Program in Hematopoietic Stem Cells
ABOUT THE PROGRAM
The IRM Program in Hematopoietic Stem Cells consists of basic science and clinical investigators from Penn’s Schools of Medicine, Veterinary Medicine, and Engineering and Applied Science.
The Program investigates the fundamental properties of normal and malignant adult hematopoietic stem cells, the origin of hematopoietic cells in the embryo, and the use of hematopoietic stem cells in the clinic. Hematopoietic stem cells are the paradigm for understanding the fundamental properties of adult stem cells, and for clinical stem cell therapy. Bone marrow transplantation is the standard of care treatment for a variety of malignant and benign hematological diseases, thus this program provides an important clinical perspective to all IRM researchers.
BREAKTHROUGHS IN RESEARCH
- Clinical program members demonstrated that blockade of the CCR5 receptor prevented visceral graft versus host disease in allogeneic hematopoietic stem cell transplants (Reshef, et al.: 2012 New England Journal of Medicine).
- IRM investigators discovered that hemogenic stem cells differentiate from hemogenic endothelial cells in the embryo, and that hemogoenic endothelial cells are functionally heterogeneous (Chen, et al., 2009 Nature; Chen, et al.: 2011 Cell Stem Cell).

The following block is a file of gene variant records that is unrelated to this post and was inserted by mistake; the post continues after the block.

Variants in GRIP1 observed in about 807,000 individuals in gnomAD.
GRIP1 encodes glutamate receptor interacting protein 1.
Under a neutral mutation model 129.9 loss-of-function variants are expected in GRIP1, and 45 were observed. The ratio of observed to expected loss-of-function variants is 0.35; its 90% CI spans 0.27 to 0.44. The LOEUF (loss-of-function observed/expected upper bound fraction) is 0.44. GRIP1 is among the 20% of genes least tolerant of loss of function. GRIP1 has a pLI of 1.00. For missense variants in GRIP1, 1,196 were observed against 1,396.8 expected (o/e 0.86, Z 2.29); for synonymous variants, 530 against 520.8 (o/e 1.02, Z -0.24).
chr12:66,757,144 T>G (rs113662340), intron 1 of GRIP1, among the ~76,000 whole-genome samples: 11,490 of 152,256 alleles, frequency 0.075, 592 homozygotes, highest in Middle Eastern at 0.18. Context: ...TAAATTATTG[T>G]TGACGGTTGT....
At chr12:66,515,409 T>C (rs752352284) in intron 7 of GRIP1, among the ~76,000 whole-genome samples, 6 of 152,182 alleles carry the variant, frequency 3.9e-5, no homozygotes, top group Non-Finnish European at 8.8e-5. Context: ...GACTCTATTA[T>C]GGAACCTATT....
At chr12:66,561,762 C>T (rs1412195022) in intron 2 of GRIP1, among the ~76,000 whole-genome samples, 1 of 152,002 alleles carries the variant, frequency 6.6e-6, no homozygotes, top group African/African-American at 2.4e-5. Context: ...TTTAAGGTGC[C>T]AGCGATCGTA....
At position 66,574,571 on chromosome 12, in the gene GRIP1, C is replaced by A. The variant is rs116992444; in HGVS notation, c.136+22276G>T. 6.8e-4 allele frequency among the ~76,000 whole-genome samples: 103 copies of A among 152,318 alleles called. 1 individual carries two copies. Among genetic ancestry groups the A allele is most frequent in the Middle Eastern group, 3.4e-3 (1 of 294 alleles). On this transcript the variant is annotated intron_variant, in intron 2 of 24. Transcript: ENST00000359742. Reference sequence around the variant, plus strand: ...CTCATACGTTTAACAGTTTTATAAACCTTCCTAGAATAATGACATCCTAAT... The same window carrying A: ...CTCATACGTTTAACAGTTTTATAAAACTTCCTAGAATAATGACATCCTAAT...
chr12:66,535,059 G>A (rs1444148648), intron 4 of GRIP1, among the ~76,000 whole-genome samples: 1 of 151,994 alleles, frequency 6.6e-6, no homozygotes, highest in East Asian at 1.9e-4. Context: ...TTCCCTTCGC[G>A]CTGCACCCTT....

- IRM researchers showed that human leukemic stem cells are rare in acute myelogenous leukemia, and described a phenotypic plasticity that was not previously appreciated (Sarry, et al.: J Clin Invest, 2011).
ON THE HORIZON
- Improved treatment protocols for allogeneic hematopoietic stem cell transplants that improve treatment outcomes and reduce morbidity.
- Applying lessons learned from the study of hematopoietic stem cells toward producing them from ES/iPS cells, and expanding or maintaining them in vitro.
- Establishing a drug development pipeline at Penn for all IRM researchers.
|Nancy A. Speck, Ph.D., is Professor of Cell and Developmental Biology and Co-Director of the Hematological Malignancies Program at the Abramson Cancer Center. She studies Runx1, a protein essential for the formation of hematopoietic stem cells in the embryo, that is frequently mutated in leukemia.The goal of her work is to understand hematopoietic stem cell formation in the embryo in order to guide efforts to produce hematopoietic stem cells from ES/iPS cells in vitro. |
|Warren S. Pear, M. D., Ph.D., the Gaylord P. and Mary Louise Harnwell Professor of Pathology & Lab Medicine. Dr. Pear identified genes that are responsible for lymphocyte development and differentiation.|